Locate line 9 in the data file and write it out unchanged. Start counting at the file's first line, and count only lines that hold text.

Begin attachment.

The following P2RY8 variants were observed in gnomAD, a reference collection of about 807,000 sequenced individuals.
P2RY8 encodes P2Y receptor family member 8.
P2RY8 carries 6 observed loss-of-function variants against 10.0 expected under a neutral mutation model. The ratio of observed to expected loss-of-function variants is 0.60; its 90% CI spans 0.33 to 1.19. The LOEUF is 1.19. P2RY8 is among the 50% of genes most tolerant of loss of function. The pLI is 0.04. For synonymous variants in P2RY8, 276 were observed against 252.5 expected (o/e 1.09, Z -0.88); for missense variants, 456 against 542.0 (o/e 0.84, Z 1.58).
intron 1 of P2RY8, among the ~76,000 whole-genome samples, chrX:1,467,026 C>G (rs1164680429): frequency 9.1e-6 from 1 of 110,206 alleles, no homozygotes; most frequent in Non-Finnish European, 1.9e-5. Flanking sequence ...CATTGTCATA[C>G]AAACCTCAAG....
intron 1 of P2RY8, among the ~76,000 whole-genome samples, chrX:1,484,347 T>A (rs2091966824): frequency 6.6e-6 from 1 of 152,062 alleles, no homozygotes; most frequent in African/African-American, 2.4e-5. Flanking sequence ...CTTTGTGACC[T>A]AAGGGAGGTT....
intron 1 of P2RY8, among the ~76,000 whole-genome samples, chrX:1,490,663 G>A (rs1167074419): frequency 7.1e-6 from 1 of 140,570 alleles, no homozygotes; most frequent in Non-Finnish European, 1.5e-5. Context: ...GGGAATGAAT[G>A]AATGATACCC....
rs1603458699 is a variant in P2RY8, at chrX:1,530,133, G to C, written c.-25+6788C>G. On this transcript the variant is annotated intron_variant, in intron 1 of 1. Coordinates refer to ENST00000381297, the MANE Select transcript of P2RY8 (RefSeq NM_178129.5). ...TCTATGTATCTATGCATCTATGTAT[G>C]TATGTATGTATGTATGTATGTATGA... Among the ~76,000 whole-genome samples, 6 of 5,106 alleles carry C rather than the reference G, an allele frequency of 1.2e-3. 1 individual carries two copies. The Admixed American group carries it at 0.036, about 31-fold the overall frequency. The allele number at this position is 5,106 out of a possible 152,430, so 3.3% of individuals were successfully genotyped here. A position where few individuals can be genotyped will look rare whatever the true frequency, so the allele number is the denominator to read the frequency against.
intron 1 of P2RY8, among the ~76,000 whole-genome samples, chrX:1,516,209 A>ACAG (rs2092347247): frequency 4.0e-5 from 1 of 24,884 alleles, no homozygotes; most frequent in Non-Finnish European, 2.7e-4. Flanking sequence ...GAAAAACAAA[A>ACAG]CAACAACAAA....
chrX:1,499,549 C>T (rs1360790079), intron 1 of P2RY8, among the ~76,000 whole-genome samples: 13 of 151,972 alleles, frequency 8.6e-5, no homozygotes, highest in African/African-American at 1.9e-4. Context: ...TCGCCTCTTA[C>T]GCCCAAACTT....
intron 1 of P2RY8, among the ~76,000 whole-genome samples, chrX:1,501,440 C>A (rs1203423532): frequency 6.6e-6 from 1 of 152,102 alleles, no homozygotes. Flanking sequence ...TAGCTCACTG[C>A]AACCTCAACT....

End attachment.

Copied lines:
chrX:1,499,549 C>T (rs1360790079), intron 1 of P2RY8, among the ~76,000 whole-genome samples: 13 of 151,972 alleles, frequency 8.6e-5, no homozygotes, highest in African/African-American at 1.9e-4. Context: ...TCGCCTCTTA[C>T]GCCCAAACTT....